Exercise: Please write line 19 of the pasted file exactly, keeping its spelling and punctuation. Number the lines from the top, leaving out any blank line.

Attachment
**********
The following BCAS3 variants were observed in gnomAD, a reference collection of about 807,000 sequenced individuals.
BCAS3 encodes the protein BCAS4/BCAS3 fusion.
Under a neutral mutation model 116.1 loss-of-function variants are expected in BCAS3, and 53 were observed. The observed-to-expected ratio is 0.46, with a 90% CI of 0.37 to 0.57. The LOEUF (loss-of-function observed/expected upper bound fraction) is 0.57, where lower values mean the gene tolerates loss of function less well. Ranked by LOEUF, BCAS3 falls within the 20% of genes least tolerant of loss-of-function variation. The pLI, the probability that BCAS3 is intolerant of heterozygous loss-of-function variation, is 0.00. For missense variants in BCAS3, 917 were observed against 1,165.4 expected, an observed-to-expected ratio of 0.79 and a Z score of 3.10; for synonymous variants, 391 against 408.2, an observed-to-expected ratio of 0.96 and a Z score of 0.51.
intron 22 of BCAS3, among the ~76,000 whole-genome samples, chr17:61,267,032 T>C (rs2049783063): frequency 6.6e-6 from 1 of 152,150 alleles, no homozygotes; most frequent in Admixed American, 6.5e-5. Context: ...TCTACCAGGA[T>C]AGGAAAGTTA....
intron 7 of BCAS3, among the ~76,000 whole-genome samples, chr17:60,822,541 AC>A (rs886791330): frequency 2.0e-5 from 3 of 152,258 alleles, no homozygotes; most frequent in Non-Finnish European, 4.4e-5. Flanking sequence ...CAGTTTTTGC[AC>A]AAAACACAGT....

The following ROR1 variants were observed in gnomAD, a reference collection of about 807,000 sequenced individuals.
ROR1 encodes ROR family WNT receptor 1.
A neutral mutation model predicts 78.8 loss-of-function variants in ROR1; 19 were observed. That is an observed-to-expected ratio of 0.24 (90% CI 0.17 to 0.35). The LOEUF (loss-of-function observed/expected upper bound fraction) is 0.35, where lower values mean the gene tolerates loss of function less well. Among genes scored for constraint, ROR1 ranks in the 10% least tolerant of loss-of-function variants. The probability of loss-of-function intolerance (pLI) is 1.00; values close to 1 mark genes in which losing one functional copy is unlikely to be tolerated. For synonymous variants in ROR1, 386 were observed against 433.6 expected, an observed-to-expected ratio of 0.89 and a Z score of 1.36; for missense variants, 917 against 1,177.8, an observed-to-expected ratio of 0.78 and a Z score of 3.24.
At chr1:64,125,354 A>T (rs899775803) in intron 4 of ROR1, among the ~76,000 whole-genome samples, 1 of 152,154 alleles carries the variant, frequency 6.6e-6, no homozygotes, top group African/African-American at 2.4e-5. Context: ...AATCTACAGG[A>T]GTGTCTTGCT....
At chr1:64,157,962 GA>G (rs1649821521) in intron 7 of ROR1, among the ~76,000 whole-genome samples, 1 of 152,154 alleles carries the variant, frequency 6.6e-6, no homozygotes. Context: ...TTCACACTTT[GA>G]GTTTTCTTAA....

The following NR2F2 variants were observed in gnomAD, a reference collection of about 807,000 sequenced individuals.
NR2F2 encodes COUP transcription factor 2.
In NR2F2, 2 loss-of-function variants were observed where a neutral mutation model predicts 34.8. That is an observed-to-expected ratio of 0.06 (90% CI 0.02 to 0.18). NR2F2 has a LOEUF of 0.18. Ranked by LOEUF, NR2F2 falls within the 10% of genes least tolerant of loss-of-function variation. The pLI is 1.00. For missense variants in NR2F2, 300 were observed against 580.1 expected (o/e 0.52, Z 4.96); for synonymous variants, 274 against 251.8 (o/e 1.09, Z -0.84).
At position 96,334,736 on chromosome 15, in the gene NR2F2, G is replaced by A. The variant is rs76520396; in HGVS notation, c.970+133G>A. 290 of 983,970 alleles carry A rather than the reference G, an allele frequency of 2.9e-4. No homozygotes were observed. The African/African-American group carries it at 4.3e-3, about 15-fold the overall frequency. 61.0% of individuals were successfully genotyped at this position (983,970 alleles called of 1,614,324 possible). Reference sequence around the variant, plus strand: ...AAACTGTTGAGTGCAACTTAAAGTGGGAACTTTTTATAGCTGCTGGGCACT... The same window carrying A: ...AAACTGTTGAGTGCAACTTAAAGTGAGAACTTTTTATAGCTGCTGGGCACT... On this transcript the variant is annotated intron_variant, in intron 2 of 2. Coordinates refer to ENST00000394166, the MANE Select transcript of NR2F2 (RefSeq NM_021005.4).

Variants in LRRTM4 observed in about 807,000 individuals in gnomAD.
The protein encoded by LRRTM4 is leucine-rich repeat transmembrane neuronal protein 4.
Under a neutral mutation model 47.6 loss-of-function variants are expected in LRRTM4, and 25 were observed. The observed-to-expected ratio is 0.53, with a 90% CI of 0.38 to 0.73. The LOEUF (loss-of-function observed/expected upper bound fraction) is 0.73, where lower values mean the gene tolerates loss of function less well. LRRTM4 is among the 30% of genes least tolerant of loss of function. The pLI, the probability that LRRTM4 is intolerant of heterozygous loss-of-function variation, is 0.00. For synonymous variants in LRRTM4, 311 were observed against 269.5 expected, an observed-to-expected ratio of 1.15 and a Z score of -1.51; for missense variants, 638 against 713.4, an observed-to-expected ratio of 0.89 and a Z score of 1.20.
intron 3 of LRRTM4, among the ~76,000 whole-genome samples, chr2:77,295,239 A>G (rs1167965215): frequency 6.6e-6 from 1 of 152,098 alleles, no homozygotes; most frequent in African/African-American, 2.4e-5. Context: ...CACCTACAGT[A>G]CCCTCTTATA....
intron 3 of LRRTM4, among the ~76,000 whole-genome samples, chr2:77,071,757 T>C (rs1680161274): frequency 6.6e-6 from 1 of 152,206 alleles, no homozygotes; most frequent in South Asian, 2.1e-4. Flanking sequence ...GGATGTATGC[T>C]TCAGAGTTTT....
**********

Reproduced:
intron 3 of LRRTM4, among the ~76,000 whole-genome samples, chr2:77,071,757 T>C (rs1680161274): frequency 6.6e-6 from 1 of 152,206 alleles, no homozygotes; most frequent in South Asian, 2.1e-4. Flanking sequence ...GGATGTATGC[T>C]TCAGAGTTTT....